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Will Ohio Voters Lose “Golden Week?”

PHOTO: Democratic State Senator Nina Turner of Cleveland says bills under consideration in Ohio  will make it more difficult for some Ohioans to cast ballots. Photo courtesy of Turner.
PHOTO: Democratic State Senator Nina Turner of Cleveland says bills under consideration in Ohio will make it more difficult for some Ohioans to cast ballots. Photo courtesy of Turner.
February 13, 2014

COLUMBUS, Ohio - Voting rights are under attack in Ohio, according to those opposed to measures under consideration in Columbus. An Ohio House panel this week approved two Republican-backed bills aimed at bringing "fairness and security" to the voting process. Senate Bill 238 would end early voting from 35 to 29 days, and also end so-called "Golden Week," a time when people can register and cast a ballot on the same day.

State Sen. Nina Turner (D-Dist. 25), Cleveland, said the move takes away a necessary convenience for many Ohio voters.

"In essence, they are cutting back on early voting days, which will have impact on certain groups of people: elderly, people of color, students, working-class folks. It's just the wrong thing to do," Turner said.

Senate Bill 205 was also approved, which would restrict any public office other than the Secretary of State's office from sending absentee ballots to voters. Turner noted that in the past, boards of elections had been able to mail out applications, which helped alleviate long lines at polling places. The full House is expected to vote on both measures next week.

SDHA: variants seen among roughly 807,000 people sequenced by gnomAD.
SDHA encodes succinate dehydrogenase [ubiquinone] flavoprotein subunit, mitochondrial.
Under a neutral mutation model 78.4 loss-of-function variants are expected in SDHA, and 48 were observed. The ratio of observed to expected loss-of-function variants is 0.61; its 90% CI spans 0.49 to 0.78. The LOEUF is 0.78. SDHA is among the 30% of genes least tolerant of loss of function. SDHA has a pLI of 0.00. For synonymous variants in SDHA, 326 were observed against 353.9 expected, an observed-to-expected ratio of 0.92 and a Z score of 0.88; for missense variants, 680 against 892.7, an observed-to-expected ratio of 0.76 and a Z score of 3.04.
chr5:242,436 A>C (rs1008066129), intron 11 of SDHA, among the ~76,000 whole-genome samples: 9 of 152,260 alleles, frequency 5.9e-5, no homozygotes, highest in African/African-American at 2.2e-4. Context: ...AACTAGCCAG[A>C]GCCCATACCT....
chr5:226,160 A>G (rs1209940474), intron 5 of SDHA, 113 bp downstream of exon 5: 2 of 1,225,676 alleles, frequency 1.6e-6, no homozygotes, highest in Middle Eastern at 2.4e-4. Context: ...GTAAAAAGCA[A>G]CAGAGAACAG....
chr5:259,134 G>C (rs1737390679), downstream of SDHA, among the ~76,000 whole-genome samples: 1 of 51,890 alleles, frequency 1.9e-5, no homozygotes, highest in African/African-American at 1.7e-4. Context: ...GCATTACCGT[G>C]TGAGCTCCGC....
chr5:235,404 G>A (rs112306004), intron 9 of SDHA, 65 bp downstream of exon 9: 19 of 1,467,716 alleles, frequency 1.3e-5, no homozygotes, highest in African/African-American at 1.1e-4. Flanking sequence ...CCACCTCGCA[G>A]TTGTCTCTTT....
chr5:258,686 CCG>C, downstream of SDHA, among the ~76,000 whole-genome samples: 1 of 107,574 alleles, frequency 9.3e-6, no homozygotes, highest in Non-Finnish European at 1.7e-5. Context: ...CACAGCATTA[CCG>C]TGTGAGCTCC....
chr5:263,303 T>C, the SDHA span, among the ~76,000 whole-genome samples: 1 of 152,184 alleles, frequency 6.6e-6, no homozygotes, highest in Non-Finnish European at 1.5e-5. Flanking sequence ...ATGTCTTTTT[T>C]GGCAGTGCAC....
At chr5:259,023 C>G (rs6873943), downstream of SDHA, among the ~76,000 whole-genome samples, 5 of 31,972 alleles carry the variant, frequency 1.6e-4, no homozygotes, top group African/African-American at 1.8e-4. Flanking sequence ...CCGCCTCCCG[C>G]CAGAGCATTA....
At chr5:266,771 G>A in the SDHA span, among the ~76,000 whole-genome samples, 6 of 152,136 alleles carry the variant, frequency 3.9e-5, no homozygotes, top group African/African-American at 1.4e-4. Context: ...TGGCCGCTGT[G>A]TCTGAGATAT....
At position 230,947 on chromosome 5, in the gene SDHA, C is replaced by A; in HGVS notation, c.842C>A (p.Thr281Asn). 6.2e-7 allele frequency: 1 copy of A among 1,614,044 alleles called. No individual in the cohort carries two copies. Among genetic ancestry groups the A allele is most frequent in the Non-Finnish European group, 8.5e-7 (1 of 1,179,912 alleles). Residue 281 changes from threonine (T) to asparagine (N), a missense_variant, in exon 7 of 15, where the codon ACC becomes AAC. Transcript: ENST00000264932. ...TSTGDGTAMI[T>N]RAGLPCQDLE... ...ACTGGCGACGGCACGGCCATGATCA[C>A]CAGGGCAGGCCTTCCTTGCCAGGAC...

The debate over early voting has been heated in Ohio, since the legislature expanded the period and allowed all voters to cast an absentee ballot. Turner said these measures are just another attempt to restrict access to the ballot box.

"Voting should not be partisan at all," Turner said. "It should be about expanding and protecting the right to vote. But what Ohioans have going on right now is a group of elected officials hell-bent on turning back the hands of time. I'm absolutely ashamed."

Supporters of the measures contend that they will help reduce voting fraud, but Turner pointed out that cases of voter fraud are very rare, and she said the state does a good job of ensuring that only eligible voters cast a ballot.

"In Ohio, our laws work. We catch people, the very rare instances where people may cheat. We all want to make sure we have a secure election system," she said, "and that only eligible voters vote."

Meanwhile, efforts continue to get a "Voter Bill of Rights" on the ballot in Ohio. Black legislative leaders, clergy and civil-rights advocates recently submitted a proposal for the measure to the attorney general.



Mary Kuhlman, Public News Service - OH